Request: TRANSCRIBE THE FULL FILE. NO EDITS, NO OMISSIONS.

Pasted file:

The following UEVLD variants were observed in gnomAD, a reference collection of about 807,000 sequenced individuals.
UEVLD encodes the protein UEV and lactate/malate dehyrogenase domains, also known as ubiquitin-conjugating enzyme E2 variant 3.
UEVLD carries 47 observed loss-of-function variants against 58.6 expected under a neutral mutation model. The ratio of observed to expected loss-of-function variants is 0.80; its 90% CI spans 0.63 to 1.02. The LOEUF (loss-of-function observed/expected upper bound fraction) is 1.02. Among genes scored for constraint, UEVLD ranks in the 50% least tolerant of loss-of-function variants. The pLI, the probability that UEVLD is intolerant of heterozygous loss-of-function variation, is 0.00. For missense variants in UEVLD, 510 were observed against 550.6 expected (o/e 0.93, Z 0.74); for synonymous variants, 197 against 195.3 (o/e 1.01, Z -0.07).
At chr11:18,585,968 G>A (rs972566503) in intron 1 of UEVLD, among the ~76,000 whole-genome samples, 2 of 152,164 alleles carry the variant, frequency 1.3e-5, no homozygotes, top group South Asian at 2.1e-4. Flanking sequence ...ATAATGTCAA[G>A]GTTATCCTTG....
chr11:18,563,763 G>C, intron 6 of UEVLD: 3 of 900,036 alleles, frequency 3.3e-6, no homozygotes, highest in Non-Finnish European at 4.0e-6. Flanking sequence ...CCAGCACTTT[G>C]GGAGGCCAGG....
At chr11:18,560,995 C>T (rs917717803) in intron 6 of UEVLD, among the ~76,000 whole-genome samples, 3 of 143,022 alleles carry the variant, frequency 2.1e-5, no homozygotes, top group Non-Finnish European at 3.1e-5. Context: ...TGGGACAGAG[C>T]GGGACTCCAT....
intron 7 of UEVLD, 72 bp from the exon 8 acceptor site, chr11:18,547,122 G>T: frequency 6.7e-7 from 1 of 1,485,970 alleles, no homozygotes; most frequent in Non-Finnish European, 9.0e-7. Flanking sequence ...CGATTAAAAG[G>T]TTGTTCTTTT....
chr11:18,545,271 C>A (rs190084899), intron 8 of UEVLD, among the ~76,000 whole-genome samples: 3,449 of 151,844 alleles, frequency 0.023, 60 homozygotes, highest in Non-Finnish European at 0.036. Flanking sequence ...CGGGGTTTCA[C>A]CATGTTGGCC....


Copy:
The following UEVLD variants were observed in gnomAD, a reference collection of about 807,000 sequenced individuals.
UEVLD encodes the protein UEV and lactate/malate dehyrogenase domains, also known as ubiquitin-conjugating enzyme E2 variant 3.
UEVLD carries 47 observed loss-of-function variants against 58.6 expected under a neutral mutation model. The ratio of observed to expected loss-of-function variants is 0.80; its 90% CI spans 0.63 to 1.02. The LOEUF (loss-of-function observed/expected upper bound fraction) is 1.02. Among genes scored for constraint, UEVLD ranks in the 50% least tolerant of loss-of-function variants. The pLI, the probability that UEVLD is intolerant of heterozygous loss-of-function variation, is 0.00. For missense variants in UEVLD, 510 were observed against 550.6 expected (o/e 0.93, Z 0.74); for synonymous variants, 197 against 195.3 (o/e 1.01, Z -0.07).
At chr11:18,585,968 G>A (rs972566503) in intron 1 of UEVLD, among the ~76,000 whole-genome samples, 2 of 152,164 alleles carry the variant, frequency 1.3e-5, no homozygotes, top group South Asian at 2.1e-4. Flanking sequence ...ATAATGTCAA[G>A]GTTATCCTTG....
chr11:18,563,763 G>C, intron 6 of UEVLD: 3 of 900,036 alleles, frequency 3.3e-6, no homozygotes, highest in Non-Finnish European at 4.0e-6. Flanking sequence ...CCAGCACTTT[G>C]GGAGGCCAGG....
At chr11:18,560,995 C>T (rs917717803) in intron 6 of UEVLD, among the ~76,000 whole-genome samples, 3 of 143,022 alleles carry the variant, frequency 2.1e-5, no homozygotes, top group Non-Finnish European at 3.1e-5. Context: ...TGGGACAGAG[C>T]GGGACTCCAT....
intron 7 of UEVLD, 72 bp from the exon 8 acceptor site, chr11:18,547,122 G>T: frequency 6.7e-7 from 1 of 1,485,970 alleles, no homozygotes; most frequent in Non-Finnish European, 9.0e-7. Flanking sequence ...CGATTAAAAG[G>T]TTGTTCTTTT....
chr11:18,545,271 C>A (rs190084899), intron 8 of UEVLD, among the ~76,000 whole-genome samples: 3,449 of 151,844 alleles, frequency 0.023, 60 homozygotes, highest in Non-Finnish European at 0.036. Flanking sequence ...CGGGGTTTCA[C>A]CATGTTGGCC....